BY NORA HOVSEPIAN, Esq.
AND STEVE MESROBIAN
Azerbaijani dictator Ilham Aliyev fears accountability.
He wants to keep killing Armenians, inciting hatred, and playing to the most hateful anti-Armenian elements of his own population. At home, he wants to continue crushing dissent, jailing the opposition, and shutting down the free press. But, like so many bullies, he’s a coward at heart – one that wants, at all costs, to avoid having to take any responsibility for his actions.
The bad news is that until now, enriched by Caspian Sea oil, he’s gotten away with it.
It’s time for that to stop.
Aliyev needs to be held responsible. It’s time for the United States and our international partners to abandon our policy of false parity, a failed approach that answers every Azerbaijani military escalation against Artsakh and Armenia with a only a generic call on all parties to refrain from new attacks. That’s worse than weak. It’s surefire a recipe for more violence.
The good news is that the bipartisan leadership of the U.S. House Foreign Affairs Committee gets it.
Chairman Ed Royce and Ranking Member Eliot Engel are working hard for peace. In pursuit of a non-violent resolution, they are collecting the signatures of their House colleagues on the Royce-Engel letter. This direct appeal to the Obama Administration demands accountability, calls for an end to artificial evenhandedness, and offers a constructive alternative: An accountability-based approach to peacekeeping that calls out and confronts the actual perpetrator of violence.
In support of this responsibility-oriented approach, Representatives Royce and Engel propose three specific steps. The first two reflect longstanding calls by the international community to withdraw snipers and add more observers. Both of these initiatives are backed by Armenian and Artsakh, but, to no one’s surprise, their implementation is blocked byAzerbaijan.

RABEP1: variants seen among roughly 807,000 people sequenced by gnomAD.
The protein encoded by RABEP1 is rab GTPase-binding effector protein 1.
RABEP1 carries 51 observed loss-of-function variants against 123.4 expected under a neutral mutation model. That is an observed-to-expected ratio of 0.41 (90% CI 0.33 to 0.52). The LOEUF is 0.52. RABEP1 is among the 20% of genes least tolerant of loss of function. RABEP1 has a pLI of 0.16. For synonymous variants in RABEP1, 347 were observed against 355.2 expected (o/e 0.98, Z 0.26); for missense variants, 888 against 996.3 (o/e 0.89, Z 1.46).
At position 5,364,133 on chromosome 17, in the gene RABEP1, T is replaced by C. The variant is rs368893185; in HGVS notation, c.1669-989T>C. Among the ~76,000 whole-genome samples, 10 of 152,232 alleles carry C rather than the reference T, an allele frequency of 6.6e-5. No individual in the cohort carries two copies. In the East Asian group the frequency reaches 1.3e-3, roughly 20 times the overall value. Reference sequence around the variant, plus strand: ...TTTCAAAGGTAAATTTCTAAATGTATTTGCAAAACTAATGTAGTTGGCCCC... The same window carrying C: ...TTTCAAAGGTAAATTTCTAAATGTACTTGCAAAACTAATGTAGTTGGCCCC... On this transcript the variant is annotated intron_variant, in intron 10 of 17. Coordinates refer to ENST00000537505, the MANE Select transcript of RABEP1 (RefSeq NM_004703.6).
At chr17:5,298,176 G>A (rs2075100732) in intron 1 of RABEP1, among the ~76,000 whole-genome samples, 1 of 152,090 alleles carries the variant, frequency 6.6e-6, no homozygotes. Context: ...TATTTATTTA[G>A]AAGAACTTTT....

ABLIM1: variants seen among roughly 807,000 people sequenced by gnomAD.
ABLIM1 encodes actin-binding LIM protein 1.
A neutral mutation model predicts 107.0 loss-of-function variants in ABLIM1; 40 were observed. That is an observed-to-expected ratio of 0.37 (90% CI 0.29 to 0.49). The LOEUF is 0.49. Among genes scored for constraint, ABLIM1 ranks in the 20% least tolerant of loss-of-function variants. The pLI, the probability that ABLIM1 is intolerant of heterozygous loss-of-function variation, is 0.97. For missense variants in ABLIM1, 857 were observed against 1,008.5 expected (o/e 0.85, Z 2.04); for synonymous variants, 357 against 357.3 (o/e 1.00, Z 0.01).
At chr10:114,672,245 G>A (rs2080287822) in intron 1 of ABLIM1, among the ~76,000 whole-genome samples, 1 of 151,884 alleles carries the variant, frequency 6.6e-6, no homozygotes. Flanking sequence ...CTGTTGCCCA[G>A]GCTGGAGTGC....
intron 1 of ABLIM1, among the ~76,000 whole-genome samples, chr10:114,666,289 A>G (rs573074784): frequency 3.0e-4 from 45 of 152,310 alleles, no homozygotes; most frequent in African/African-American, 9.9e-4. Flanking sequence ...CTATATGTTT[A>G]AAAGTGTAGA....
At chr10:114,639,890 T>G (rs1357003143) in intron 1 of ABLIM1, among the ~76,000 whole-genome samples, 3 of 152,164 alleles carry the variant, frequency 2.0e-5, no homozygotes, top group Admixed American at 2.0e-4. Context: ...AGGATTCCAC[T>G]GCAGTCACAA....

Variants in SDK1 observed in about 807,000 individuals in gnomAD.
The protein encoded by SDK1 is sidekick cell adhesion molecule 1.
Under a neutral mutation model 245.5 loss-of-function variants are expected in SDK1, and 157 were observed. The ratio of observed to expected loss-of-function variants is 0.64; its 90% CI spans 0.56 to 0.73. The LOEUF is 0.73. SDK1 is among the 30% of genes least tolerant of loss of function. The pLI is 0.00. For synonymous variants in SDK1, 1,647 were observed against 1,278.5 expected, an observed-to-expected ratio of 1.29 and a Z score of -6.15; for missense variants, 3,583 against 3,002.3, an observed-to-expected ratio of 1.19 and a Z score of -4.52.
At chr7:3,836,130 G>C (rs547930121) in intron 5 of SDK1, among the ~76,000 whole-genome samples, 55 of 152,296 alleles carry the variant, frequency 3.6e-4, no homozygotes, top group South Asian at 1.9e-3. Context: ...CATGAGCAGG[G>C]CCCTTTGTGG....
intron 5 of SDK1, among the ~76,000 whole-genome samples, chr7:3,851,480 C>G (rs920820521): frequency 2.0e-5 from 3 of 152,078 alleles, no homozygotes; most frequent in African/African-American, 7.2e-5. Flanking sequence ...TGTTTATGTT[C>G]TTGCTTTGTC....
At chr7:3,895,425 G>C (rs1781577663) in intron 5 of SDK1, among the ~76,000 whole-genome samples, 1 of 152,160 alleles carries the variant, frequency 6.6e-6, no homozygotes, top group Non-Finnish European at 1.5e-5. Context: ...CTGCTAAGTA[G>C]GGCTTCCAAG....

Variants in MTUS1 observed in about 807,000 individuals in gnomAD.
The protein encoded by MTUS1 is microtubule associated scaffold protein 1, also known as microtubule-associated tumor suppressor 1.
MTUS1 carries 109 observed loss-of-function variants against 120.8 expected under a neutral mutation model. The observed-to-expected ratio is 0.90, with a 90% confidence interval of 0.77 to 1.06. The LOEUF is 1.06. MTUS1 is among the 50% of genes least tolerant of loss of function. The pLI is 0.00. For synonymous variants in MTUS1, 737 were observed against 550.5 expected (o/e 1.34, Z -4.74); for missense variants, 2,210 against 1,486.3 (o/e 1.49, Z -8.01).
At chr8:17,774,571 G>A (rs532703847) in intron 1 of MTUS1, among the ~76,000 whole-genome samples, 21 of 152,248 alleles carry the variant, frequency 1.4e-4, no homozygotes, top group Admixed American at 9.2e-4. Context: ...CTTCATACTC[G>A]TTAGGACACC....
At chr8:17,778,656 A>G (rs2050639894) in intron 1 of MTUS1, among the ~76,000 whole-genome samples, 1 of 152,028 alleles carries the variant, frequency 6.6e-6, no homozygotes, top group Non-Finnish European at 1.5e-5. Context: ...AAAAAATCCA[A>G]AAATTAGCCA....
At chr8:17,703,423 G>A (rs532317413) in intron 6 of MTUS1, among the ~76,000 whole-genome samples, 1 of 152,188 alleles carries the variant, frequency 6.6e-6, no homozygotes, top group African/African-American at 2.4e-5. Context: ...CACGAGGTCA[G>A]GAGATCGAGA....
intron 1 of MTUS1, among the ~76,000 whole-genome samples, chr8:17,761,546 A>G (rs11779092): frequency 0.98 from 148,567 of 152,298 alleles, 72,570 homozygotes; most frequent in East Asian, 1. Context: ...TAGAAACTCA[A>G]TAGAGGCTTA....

Their third proposal – the internationally mandated deployment of gunfire-locator systems – is also welcomed by the Armenian side, as a practical investigative mechanism to identify the source of sniper, small arms, and artillery fire. Relatively easy and inexpensive to deploy, this equipment, which would be arrayed along the line of contact, can provide observers with reliable data within just seconds. Similar technology is being used inAfghanistan,Ukraine, and even in major cities across theUnited States. Given the nature of military challenges along the front lines, however, such gear, to be effective, would need to be installed and kept safe with the support of the international community and the agreement of all parties. Azerbaijani president Ilham Aliyev is so very fearful of this technology precisely because it will offer proof of his culpability. And it’s because he is so afraid of being held accountable for his actions that he has blocked the deployment of life-saving technology.
Armenia and Artsakh stand on the side of peace. They want an agreement on the non-deployment of snipers. They want more OSCE observers on the ground. And they want to leverage technology to save lives, avert war, and pave the way to a just and enduring peace. It is Azerbaijan, lead by Ilham Aliyev, that is threatening war, filling its arsenals, and escalating aggression – at the cost of lives on both sides.
It is time for America, the Organization for Security and Cooperation in Europe, and the entire international community to confront Aliyev’s aggression and put in place common-sense peace-keeping measure to checkAzerbaijan’s reckless march toward war.
Please encourage your Members of the U.S. House of Representatives to support peace by co-signing the Royce-Engel letter. Write or call today:
Nora Hovsepian, Esq. is the chairwoman of the ANCA-WR; Steve Mesrobian is the chairman of the ANCA-ER